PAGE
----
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The fool hath said in his heart, There is no God.
Sometimes theists say this to me. They mean to call me a fool. Of course, it’s not them saying it; they are merely quoting the bible. If I weren’t properly medicated, that sorta thing might hurt my feelings. I used to just tell myself, “nah, it’s not true, Seth. You’re not a fool.” But maybe I am a fool. After all, it says so in the bible.
But let’s take a closer look at it, and see if we can’t find a more positive reading. Perhaps we can follow Tyrion’s advice, and wear the epithet like armor.
Harold Bloom tells us “there is no god but god, and his name is William Shakespeare.” So, let’s see what William Shakespeare thinks of the Fool.
The Shakespearean Fool archetype appears in a number of his plays, providing comic relief for the audience, but also representing a powerful statement about seeing through the bullshit of the powerful elite, full of self-delusions.
The Fool has the courage to violate social norms and question claims of authority. In this way, the Fool is the best representative of skepticism from all of literature.
One thing all Fools have in common is that they fearlessly speak the truth to the socially powerful. Fool (his name) in King Lear ruthlessly criticizes the eponymous character, and lives to tell about it! Few others boast as much. We skeptics should delight in being compared to so noble a character, fearlessly speaking in defense of truth, despite the potential social ramifications of doing so.
And don’t even get me started about Falstaff! Falstaff is by far my favorite character in all of Shakespeare. He is both Fool and Vice rolled into one. Surely the bible says elsewhere that we atheists and skeptics are vicious. I think later in that same Psalm passage we are accused of being corrupt and vile. Well then, if any character represents us, it is Falstaff.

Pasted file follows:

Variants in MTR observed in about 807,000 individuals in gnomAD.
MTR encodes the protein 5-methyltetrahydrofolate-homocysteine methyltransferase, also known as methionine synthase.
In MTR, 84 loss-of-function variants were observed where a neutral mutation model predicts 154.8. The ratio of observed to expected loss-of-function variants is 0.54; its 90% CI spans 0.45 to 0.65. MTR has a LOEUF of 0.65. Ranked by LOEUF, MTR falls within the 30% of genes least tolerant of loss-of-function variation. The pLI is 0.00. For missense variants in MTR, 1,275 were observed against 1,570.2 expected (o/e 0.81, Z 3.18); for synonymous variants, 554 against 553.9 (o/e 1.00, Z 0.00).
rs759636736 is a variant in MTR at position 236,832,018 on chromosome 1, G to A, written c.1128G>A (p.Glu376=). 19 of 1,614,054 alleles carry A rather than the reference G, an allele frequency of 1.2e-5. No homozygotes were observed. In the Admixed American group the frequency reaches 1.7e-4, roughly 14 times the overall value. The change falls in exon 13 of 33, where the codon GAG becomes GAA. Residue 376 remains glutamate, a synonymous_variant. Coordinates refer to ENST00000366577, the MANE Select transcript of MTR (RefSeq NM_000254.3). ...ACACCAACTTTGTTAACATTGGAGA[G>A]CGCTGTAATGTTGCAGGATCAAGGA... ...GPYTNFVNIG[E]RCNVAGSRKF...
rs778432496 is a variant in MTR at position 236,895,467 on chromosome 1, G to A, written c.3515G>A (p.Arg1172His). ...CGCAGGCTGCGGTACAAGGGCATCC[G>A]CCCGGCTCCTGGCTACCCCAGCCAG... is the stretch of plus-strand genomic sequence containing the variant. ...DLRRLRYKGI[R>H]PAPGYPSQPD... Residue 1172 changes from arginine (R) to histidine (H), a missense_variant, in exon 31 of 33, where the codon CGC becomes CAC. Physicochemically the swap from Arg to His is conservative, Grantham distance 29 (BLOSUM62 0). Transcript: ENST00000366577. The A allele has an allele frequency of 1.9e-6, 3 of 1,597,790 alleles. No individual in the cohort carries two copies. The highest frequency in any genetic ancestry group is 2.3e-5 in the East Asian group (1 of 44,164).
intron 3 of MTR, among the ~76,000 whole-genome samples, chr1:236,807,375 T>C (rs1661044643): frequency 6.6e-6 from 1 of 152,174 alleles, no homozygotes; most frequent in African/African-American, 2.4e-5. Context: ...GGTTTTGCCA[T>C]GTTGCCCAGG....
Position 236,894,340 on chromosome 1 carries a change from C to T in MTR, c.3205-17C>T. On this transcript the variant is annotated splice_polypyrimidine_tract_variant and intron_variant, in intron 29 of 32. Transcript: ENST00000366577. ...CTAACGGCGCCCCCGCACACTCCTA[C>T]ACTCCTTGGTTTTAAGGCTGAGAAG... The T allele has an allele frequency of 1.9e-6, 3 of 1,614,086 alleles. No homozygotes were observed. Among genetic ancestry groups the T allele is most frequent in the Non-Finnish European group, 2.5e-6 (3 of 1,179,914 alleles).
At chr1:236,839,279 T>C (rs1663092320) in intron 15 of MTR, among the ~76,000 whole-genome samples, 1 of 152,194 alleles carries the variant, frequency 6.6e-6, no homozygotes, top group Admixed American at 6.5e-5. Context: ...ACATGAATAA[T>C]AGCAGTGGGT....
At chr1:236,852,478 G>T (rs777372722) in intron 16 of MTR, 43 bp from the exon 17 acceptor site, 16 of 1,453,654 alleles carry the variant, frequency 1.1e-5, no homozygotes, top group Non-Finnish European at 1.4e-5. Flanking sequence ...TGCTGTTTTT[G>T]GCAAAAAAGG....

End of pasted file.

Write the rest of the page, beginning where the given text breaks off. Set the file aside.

You see, Falstaff is an old knight who wanders the streets and taverns of the wrong side of town with the young Prince Hal, who later becomes King Henry V (“…we few, we happy few, we band of brothers…”). He straightforwardly serves as a corrupting force for the prince, inviting him to question the righteousness proclaimed by the aristocracy, as well as the justification of what they deem to be virtues. He also impiously dismisses religious authority.
He was definitely a heavy drinker, and in his death is reported to have cried out about drink. This suggests that he drank himself to death. To summarize, he was an anti-authoritarian impious corrupter of youth who challenged social norms and who died as a result of drinking. Who else does this remind you of?
Socrates? Me too!
So, Falstaff is an allusion to Socrates. That’s pretty neat! In fact, Socrates himself was a sort of Fool character. He is best represented by the character in Plato’s allegory of the cave who returns to the cave from the outside world, whose eyes are no longer adjusted to the dimness of the reality recognized by the prisoners. He stumbles around and questions the importance of the shadows on the wall, and demands that the other prisoners question their received view of reality as well. Eventually, Plato’s characters agree, the prisoners will kill the foolish stumbler; what he’s saying is inconvenient. Surely this is a reference to the fact that the Athenians killed Socrates for impiety and corruption of the youth. All he really did was wander around pointing out the unjustified assumptions made by the socially powerful, making them look stupid. He may have been a Fool, but he definitely wasn’t stupid.
And the same goes for the rest of us Fools, I think. Let the theists quote their Psalm. Let us quote to them Shakespeare and Plato, who revere the Fool’s courage to question and probe the most basic assumptions of society.
The fool doth think he is wise, but the wise man knows himself to be a fool.
- As You Like It
I am wiser than this man … he fancies he knows something, although he knows nothing … I do not fancy I know what I do not know.
So, I’m pretty damn flattered that the bible would count me among the ranks of these folks. And it’s in the bible, so you know it’s true. You’re goddam right I’m a Fool. And proud of it.
Seth Kurtenbach is a philosophy PhD student at the University of Missouri. His research focuses on applications of formal logic and game theory to questions about knowledge and rationality. He is growing a mighty beard, in order to increase his philosophical powers. Feel free to contact Seth at firstname.lastname@example.org with inquiries about philosophy, logic, guest blogging, or visiting to give a presentation!